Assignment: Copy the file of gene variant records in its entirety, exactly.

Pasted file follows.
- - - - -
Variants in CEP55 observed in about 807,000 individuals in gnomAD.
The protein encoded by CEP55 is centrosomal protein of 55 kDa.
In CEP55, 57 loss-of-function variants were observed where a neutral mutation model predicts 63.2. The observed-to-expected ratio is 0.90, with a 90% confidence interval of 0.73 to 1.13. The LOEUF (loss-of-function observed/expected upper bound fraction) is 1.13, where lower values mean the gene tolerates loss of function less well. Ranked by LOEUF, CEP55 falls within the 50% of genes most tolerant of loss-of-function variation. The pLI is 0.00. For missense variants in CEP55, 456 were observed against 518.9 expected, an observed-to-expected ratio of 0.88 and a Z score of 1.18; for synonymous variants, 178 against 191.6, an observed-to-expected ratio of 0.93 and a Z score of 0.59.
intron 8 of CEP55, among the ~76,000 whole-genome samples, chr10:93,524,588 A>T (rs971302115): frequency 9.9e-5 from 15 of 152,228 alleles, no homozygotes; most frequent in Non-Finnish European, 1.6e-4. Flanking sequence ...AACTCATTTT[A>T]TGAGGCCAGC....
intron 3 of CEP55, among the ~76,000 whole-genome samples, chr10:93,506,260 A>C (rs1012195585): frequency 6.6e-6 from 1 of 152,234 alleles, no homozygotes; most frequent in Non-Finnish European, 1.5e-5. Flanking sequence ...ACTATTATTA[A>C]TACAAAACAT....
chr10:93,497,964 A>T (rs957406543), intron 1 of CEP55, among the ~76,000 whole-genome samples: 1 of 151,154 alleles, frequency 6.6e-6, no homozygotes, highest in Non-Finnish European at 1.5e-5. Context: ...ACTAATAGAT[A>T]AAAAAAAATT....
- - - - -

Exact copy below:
Variants in CEP55 observed in about 807,000 individuals in gnomAD.
The protein encoded by CEP55 is centrosomal protein of 55 kDa.
In CEP55, 57 loss-of-function variants were observed where a neutral mutation model predicts 63.2. The observed-to-expected ratio is 0.90, with a 90% confidence interval of 0.73 to 1.13. The LOEUF (loss-of-function observed/expected upper bound fraction) is 1.13, where lower values mean the gene tolerates loss of function less well. Ranked by LOEUF, CEP55 falls within the 50% of genes most tolerant of loss-of-function variation. The pLI is 0.00. For missense variants in CEP55, 456 were observed against 518.9 expected, an observed-to-expected ratio of 0.88 and a Z score of 1.18; for synonymous variants, 178 against 191.6, an observed-to-expected ratio of 0.93 and a Z score of 0.59.
intron 8 of CEP55, among the ~76,000 whole-genome samples, chr10:93,524,588 A>T (rs971302115): frequency 9.9e-5 from 15 of 152,228 alleles, no homozygotes; most frequent in Non-Finnish European, 1.6e-4. Flanking sequence ...AACTCATTTT[A>T]TGAGGCCAGC....
intron 3 of CEP55, among the ~76,000 whole-genome samples, chr10:93,506,260 A>C (rs1012195585): frequency 6.6e-6 from 1 of 152,234 alleles, no homozygotes; most frequent in Non-Finnish European, 1.5e-5. Flanking sequence ...ACTATTATTA[A>C]TACAAAACAT....
chr10:93,497,964 A>T (rs957406543), intron 1 of CEP55, among the ~76,000 whole-genome samples: 1 of 151,154 alleles, frequency 6.6e-6, no homozygotes, highest in Non-Finnish European at 1.5e-5. Context: ...ACTAATAGAT[A>T]AAAAAAAATT....